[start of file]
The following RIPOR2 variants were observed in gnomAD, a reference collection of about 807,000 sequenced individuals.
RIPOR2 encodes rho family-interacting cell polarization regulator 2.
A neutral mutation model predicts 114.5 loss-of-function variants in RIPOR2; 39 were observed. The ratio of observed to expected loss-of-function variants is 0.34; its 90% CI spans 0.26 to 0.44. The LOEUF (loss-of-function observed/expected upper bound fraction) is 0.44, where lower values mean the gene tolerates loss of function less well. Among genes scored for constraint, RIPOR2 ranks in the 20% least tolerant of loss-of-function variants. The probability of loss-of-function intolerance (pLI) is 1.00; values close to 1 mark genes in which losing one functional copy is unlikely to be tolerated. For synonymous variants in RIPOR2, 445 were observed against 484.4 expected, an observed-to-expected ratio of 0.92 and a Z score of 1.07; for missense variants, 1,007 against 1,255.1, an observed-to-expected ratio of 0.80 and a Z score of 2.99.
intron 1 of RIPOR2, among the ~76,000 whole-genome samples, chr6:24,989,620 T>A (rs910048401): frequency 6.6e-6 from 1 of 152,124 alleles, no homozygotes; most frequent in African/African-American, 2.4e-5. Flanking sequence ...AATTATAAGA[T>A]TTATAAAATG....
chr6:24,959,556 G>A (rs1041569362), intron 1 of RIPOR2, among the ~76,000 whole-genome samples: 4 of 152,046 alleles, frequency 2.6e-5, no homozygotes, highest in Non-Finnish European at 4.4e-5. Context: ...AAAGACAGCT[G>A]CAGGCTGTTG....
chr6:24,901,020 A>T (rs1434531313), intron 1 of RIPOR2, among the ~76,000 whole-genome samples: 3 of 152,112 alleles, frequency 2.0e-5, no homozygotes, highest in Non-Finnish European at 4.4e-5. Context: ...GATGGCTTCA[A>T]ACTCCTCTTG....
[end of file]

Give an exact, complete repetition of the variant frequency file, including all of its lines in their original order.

The following RIPOR2 variants were observed in gnomAD, a reference collection of about 807,000 sequenced individuals.
RIPOR2 encodes rho family-interacting cell polarization regulator 2.
A neutral mutation model predicts 114.5 loss-of-function variants in RIPOR2; 39 were observed. The ratio of observed to expected loss-of-function variants is 0.34; its 90% CI spans 0.26 to 0.44. The LOEUF (loss-of-function observed/expected upper bound fraction) is 0.44, where lower values mean the gene tolerates loss of function less well. Among genes scored for constraint, RIPOR2 ranks in the 20% least tolerant of loss-of-function variants. The probability of loss-of-function intolerance (pLI) is 1.00; values close to 1 mark genes in which losing one functional copy is unlikely to be tolerated. For synonymous variants in RIPOR2, 445 were observed against 484.4 expected, an observed-to-expected ratio of 0.92 and a Z score of 1.07; for missense variants, 1,007 against 1,255.1, an observed-to-expected ratio of 0.80 and a Z score of 2.99.
intron 1 of RIPOR2, among the ~76,000 whole-genome samples, chr6:24,989,620 T>A (rs910048401): frequency 6.6e-6 from 1 of 152,124 alleles, no homozygotes; most frequent in African/African-American, 2.4e-5. Flanking sequence ...AATTATAAGA[T>A]TTATAAAATG....
chr6:24,959,556 G>A (rs1041569362), intron 1 of RIPOR2, among the ~76,000 whole-genome samples: 4 of 152,046 alleles, frequency 2.6e-5, no homozygotes, highest in Non-Finnish European at 4.4e-5. Context: ...AAAGACAGCT[G>A]CAGGCTGTTG....
chr6:24,901,020 A>T (rs1434531313), intron 1 of RIPOR2, among the ~76,000 whole-genome samples: 3 of 152,112 alleles, frequency 2.0e-5, no homozygotes, highest in Non-Finnish European at 4.4e-5. Context: ...GATGGCTTCA[A>T]ACTCCTCTTG....